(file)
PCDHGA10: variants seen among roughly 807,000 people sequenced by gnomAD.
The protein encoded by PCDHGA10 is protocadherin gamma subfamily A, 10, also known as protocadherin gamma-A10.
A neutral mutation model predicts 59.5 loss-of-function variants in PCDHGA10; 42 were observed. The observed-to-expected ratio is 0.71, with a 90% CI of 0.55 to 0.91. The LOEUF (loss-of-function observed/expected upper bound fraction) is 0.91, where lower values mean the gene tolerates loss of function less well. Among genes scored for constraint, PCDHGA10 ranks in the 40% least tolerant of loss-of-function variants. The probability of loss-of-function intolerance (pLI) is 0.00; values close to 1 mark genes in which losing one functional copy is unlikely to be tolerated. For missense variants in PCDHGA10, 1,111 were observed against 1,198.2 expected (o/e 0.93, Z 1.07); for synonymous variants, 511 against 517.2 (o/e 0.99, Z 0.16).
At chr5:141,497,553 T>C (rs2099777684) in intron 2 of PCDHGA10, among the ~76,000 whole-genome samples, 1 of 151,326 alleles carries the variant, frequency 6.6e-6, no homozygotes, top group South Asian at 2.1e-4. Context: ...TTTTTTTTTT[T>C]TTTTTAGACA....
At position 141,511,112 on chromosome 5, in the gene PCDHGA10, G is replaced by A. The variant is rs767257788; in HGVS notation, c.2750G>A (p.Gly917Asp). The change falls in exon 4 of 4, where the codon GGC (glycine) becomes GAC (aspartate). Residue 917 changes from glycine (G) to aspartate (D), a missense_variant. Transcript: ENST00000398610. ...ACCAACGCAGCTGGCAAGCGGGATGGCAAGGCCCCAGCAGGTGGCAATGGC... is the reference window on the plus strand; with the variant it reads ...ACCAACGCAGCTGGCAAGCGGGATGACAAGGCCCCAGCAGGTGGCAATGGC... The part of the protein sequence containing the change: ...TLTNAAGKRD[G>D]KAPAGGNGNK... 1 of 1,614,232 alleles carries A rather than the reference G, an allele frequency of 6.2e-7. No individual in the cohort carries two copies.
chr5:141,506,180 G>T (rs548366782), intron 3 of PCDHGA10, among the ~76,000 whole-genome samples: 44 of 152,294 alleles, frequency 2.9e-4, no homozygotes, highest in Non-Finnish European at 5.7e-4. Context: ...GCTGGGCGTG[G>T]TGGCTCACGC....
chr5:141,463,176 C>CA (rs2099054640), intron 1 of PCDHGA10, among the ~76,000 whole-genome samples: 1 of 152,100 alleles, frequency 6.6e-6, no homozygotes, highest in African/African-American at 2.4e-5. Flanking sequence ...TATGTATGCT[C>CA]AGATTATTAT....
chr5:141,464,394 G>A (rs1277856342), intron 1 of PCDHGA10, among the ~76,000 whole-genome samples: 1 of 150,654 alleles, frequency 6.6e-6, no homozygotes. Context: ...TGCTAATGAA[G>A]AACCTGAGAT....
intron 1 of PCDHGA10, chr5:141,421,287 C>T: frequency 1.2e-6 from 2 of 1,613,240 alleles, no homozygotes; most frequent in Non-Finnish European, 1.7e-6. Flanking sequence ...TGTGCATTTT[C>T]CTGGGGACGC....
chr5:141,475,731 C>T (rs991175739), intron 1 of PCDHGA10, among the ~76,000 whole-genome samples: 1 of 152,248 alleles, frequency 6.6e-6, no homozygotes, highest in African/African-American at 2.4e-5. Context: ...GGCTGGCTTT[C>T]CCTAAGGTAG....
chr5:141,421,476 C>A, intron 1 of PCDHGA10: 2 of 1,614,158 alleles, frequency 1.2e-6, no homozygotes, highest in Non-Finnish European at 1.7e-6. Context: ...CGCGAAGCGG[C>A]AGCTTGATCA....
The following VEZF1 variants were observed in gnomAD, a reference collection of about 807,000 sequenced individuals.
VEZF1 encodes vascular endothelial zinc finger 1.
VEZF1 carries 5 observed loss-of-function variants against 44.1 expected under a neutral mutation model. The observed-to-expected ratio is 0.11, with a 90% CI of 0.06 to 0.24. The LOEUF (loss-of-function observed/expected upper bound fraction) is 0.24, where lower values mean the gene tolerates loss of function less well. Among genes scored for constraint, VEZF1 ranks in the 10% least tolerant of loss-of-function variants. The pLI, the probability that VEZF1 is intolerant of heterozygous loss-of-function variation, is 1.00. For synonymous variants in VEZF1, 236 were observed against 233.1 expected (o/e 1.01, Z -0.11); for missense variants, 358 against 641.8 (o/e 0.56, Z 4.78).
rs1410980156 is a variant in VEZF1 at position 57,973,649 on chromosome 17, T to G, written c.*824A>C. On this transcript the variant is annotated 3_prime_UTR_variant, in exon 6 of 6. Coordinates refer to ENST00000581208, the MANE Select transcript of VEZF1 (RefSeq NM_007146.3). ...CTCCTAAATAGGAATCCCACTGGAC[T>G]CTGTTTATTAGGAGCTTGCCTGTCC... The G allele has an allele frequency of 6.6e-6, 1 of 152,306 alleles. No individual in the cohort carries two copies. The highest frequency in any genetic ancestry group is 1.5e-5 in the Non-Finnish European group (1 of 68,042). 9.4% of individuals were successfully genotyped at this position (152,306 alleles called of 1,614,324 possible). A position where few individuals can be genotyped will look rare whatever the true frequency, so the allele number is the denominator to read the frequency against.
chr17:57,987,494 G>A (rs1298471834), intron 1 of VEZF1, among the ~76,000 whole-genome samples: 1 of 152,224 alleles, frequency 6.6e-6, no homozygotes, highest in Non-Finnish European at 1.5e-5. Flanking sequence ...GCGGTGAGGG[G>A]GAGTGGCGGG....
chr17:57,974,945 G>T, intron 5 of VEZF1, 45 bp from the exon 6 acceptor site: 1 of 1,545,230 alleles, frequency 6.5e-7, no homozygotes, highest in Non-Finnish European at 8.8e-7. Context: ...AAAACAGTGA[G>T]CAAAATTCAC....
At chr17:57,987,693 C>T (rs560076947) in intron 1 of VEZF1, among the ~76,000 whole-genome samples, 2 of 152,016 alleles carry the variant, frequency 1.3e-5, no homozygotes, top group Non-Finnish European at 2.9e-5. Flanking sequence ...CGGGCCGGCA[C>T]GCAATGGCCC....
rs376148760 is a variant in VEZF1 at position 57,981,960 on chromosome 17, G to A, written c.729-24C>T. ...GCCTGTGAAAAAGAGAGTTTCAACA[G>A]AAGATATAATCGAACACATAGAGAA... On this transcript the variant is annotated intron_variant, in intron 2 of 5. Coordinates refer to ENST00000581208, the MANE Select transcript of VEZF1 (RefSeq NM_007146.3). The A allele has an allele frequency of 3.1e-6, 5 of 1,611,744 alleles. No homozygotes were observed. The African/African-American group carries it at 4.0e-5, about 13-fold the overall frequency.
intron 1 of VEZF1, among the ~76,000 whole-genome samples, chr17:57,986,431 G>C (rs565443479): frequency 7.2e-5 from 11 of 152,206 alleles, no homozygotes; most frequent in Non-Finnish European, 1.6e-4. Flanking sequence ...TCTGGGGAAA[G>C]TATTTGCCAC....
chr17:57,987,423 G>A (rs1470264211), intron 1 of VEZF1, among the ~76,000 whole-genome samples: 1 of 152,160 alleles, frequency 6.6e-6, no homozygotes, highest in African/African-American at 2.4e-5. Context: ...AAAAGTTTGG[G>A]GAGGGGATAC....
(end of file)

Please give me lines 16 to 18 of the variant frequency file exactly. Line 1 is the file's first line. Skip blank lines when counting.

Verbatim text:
chr17:57,987,494 G>A (rs1298471834), intron 1 of VEZF1, among the ~76,000 whole-genome samples: 1 of 152,224 alleles, frequency 6.6e-6, no homozygotes, highest in Non-Finnish European at 1.5e-5. Flanking sequence ...GCGGTGAGGG[G>A]GAGTGGCGGG....
chr17:57,974,945 G>T, intron 5 of VEZF1, 45 bp from the exon 6 acceptor site: 1 of 1,545,230 alleles, frequency 6.5e-7, no homozygotes, highest in Non-Finnish European at 8.8e-7. Context: ...AAAACAGTGA[G>T]CAAAATTCAC....
At chr17:57,987,693 C>T (rs560076947) in intron 1 of VEZF1, among the ~76,000 whole-genome samples, 2 of 152,016 alleles carry the variant, frequency 1.3e-5, no homozygotes, top group Non-Finnish European at 2.9e-5. Flanking sequence ...CGGGCCGGCA[C>T]GCAATGGCCC....